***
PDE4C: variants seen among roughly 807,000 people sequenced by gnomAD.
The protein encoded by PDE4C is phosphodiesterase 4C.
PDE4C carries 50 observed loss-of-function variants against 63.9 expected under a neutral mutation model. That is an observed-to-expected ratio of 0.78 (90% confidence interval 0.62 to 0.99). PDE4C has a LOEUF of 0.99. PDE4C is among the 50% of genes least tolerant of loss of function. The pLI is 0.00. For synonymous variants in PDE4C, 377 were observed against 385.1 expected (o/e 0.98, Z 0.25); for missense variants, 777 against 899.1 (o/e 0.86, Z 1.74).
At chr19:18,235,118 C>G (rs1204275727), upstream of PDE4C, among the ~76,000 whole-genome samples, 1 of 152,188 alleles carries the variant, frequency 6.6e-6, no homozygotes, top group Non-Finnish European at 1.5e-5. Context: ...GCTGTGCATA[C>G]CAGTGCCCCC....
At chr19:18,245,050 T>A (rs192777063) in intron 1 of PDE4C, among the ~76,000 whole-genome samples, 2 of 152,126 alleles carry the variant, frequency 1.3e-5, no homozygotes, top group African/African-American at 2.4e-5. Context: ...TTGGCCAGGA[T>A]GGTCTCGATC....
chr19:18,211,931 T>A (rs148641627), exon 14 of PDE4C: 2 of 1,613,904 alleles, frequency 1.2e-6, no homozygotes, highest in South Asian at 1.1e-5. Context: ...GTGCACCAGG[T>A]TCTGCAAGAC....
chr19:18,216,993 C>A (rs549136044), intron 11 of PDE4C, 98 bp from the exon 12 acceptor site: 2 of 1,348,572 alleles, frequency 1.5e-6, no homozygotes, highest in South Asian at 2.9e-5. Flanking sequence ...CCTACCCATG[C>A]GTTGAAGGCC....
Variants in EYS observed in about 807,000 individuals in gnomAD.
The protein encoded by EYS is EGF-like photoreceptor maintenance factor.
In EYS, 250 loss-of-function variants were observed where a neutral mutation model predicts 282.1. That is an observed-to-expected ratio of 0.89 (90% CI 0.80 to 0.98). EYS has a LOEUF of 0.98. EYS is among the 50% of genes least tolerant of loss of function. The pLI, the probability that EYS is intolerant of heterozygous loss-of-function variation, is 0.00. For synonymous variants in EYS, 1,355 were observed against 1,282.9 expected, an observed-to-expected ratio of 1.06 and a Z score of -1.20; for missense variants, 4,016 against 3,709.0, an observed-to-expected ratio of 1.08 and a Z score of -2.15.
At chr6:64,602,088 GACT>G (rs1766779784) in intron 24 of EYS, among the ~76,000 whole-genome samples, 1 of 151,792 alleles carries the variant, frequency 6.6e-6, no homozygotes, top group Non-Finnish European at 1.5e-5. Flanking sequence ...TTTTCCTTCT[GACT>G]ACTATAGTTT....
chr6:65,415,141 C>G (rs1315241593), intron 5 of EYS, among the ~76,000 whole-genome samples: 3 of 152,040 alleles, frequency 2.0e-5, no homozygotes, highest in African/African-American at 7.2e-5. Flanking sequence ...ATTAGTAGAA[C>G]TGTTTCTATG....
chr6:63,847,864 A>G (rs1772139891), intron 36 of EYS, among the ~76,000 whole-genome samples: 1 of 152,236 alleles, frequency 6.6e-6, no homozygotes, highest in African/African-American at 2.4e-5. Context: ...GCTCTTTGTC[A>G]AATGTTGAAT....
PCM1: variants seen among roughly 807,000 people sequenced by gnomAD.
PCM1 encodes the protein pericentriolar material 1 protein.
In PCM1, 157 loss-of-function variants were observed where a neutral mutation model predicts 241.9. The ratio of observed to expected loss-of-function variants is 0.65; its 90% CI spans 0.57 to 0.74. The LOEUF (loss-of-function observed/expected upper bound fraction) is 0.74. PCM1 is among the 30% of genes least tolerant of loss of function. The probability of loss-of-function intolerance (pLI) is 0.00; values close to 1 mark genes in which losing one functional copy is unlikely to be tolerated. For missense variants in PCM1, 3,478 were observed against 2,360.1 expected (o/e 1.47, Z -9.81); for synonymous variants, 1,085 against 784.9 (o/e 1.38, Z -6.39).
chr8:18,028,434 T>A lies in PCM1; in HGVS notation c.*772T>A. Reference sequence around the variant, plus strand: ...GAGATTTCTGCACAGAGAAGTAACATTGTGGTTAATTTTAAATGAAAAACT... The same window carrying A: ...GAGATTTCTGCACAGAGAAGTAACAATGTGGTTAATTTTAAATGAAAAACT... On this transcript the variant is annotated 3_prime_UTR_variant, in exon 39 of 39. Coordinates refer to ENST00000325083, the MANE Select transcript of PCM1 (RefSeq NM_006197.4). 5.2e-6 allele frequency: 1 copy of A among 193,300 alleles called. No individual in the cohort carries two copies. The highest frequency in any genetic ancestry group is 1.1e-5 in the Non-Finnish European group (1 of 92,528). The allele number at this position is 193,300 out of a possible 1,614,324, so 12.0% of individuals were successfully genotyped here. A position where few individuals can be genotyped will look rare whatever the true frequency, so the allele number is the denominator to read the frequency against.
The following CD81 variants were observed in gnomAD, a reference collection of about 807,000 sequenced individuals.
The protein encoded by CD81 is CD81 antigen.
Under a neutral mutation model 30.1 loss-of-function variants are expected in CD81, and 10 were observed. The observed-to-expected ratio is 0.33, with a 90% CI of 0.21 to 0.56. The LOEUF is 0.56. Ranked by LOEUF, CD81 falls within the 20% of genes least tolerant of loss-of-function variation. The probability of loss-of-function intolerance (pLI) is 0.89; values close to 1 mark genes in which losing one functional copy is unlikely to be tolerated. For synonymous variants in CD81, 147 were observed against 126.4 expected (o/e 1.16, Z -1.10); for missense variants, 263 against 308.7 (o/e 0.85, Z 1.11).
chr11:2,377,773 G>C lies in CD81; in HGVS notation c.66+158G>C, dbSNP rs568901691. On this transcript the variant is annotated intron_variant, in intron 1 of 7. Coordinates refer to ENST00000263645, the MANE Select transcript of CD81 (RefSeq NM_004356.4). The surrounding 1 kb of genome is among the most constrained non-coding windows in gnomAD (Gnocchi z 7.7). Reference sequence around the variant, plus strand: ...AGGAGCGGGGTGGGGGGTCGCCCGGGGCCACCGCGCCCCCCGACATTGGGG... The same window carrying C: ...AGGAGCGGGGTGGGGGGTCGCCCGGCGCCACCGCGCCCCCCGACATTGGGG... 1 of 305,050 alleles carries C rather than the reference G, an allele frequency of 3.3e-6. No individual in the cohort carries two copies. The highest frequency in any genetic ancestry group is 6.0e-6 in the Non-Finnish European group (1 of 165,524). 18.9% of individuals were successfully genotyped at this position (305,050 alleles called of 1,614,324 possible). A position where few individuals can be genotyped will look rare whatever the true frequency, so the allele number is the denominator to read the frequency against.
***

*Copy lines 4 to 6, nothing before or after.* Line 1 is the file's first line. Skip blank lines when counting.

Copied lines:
At chr19:18,235,118 C>G (rs1204275727), upstream of PDE4C, among the ~76,000 whole-genome samples, 1 of 152,188 alleles carries the variant, frequency 6.6e-6, no homozygotes, top group Non-Finnish European at 1.5e-5. Context: ...GCTGTGCATA[C>G]CAGTGCCCCC....
At chr19:18,245,050 T>A (rs192777063) in intron 1 of PDE4C, among the ~76,000 whole-genome samples, 2 of 152,126 alleles carry the variant, frequency 1.3e-5, no homozygotes, top group African/African-American at 2.4e-5. Context: ...TTGGCCAGGA[T>A]GGTCTCGATC....
chr19:18,211,931 T>A (rs148641627), exon 14 of PDE4C: 2 of 1,613,904 alleles, frequency 1.2e-6, no homozygotes, highest in South Asian at 1.1e-5. Context: ...GTGCACCAGG[T>A]TCTGCAAGAC....